Chris Paul went down with a hamstring injury with under a minute left to play and would eventually sit out the rest of the series. Paul, known for suffering severe injuries in the postseason, snuffed out Houston’s last chance to make the Finals for the first time since 1995.

Predictably, Golden State went on to win Game 6 in a 115-86 blowout at home behind 35 from Thompson and 29 from Curry. Harden and Gordon combined for 55 in a valiant effort in Game 7, but the Warriors’ high-powered offense proved to be too much in a series-sealing 101-92 loss.

Though the 2017-18 Rockets failed in their quest to defeat the most dominant team of the decade, they popularized a new kind of NBA basketball. Many of today’s teams mirror them, trading mid-range jumpers for deep threes and prioritizing the fast break over post touches. Morey’s analytics-based strategy, which once seemed foreign and out of touch, has now entered the mainstream.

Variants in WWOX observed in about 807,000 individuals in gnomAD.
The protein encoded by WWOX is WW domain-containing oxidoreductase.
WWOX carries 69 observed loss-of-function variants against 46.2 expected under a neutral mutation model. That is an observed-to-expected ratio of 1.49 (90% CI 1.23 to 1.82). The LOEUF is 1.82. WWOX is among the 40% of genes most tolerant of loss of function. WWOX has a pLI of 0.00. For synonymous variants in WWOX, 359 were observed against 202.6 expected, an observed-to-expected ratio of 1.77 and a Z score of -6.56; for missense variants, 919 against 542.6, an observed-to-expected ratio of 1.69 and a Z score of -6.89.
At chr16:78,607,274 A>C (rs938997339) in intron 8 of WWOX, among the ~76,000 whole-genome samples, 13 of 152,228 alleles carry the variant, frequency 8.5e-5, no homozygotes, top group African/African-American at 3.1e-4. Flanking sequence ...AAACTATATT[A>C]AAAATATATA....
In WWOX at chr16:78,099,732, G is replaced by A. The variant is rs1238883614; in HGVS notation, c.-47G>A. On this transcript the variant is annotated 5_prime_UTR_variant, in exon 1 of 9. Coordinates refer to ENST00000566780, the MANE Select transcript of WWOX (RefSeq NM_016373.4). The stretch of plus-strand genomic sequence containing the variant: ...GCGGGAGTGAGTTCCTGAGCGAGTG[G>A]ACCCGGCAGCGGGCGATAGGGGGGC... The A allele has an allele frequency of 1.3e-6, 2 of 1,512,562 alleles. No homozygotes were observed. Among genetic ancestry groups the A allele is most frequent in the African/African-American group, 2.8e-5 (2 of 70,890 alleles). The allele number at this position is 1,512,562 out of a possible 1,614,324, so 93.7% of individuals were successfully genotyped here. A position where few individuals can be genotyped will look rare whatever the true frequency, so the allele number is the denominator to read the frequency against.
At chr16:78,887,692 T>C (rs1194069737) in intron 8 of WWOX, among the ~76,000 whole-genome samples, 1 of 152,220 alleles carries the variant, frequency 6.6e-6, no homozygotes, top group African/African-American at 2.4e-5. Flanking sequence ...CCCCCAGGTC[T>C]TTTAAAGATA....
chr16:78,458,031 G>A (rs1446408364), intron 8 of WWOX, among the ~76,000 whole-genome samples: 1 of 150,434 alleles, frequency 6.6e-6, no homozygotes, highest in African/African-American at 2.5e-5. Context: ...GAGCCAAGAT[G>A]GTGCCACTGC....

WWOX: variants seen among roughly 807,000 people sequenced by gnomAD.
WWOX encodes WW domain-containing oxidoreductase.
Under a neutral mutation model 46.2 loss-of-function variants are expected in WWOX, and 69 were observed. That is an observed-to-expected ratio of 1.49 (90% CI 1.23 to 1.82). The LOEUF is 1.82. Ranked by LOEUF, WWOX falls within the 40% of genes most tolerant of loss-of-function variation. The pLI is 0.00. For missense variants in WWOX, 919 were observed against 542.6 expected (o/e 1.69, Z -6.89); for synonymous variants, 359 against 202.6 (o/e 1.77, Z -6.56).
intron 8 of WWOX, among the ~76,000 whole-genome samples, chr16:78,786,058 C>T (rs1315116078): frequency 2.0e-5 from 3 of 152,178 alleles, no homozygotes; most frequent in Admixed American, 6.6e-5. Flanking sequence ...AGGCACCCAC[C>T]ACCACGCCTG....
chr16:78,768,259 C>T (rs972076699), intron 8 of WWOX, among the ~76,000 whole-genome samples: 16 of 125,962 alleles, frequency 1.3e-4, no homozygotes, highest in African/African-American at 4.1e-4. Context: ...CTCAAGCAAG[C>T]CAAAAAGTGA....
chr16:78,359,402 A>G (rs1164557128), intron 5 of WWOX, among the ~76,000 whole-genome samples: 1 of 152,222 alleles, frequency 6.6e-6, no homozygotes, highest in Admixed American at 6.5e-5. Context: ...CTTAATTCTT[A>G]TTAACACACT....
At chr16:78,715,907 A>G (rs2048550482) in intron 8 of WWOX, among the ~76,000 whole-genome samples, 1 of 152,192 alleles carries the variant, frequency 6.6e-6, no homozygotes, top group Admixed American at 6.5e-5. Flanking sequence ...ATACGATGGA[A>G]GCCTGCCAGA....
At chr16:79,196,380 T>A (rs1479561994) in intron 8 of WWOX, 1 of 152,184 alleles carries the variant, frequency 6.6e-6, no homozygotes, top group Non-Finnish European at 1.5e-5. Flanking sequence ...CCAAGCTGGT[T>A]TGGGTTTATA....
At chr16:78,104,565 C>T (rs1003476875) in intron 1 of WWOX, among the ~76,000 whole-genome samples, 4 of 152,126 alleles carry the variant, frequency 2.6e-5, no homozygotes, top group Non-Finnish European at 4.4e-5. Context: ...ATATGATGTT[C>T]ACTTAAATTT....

The Rockets may even get another chance to enact their revenge against the Warriors in the near future. They no longer have Paul or Capela, but Morey has upgraded the team with additions like Russell Westbrook, Robert Covington, and Jeff Green. The newest version of the Rockets looks more than capable of beating today’s Durant-less Warriors. If they are able to do so, they’ll finally redeem the franchise for its past failures and legitimize Morey and his system.